Ontario’s education system is often heralded as one of the best in the world. However, the Ford government’s cuts and changes to education are not just creating new issues, they are  exacerbating an existing crisis that has been overlooked for far too long. The problems with funding, centralization of curriculum, assessment and policy go back decades.

The provincial government’s plan as it says, to “modernize classrooms” will negatively affect all students in the province. However, these changes will have a particularly devastating impact on the most marginalized students – namely, working-class Black, brown and indigenous students, and students with special needs. These students already experience the highest levels of disengagement, absenteeism, mental health issues and failure rates in the province.

For example, Black students are more likely to experience harsher discipline than their white peers. According to a report from the Ontario Alliance of Black School Educators (ONABSE) ‘Black Student Achievement Fact Sheet’,   second generation Black students in the TDSB are two times more likely, than their white peers, to be suspended at least once during their time in high school. This has a direct impact on Black students’ confidence, self-esteem and ability to realize their potential.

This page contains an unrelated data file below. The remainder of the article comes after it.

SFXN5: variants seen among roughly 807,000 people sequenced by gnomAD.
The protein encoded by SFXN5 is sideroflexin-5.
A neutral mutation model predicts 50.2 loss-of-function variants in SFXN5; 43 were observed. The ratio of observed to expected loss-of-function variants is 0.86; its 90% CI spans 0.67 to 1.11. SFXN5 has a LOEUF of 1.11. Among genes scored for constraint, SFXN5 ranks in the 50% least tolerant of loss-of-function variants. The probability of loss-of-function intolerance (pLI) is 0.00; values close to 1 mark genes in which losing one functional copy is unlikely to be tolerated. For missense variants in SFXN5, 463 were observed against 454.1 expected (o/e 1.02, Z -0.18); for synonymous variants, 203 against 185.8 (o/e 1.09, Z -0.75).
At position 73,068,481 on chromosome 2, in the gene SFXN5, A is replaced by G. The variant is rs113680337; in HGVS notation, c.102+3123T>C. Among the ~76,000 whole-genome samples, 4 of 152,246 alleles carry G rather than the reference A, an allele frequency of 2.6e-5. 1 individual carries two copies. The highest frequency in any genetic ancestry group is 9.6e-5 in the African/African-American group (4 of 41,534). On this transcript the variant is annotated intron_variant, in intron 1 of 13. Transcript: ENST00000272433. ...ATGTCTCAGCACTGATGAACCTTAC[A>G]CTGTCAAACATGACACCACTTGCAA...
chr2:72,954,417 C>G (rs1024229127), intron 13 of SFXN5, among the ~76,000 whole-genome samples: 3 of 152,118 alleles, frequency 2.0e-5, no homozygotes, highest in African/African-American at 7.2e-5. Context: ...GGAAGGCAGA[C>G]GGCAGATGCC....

According to a 2016 report by the Peel District School Board, Black students have indicated that many teachers are afraid to approach or confront them when they are disruptive in class or loud in hallways, instead choosing to send these students to the office for minor disciplinary issues. Put bluntly, what we have is a public school system that does not represent or understand Black students.

In a class of forty students or more, the ability of teachers to respond effectively to routine issues in the classroom will be untenable. Classroom management will be a nightmare, and the disproportionate discipline that Black students already experience will be further aggravated when class sizes increase.


Building true resiliency

Education Minister, Lisa Thompson, claims that increasing high school class sizes will build “resiliency”. But we know that the opposite is true.

Of course, students need to be prepared to navigate the tough world of post-secondary education and the competitive job market after they graduate. However, this will not happen by simply throwing our youth into the deep end and letting them fend for themselves.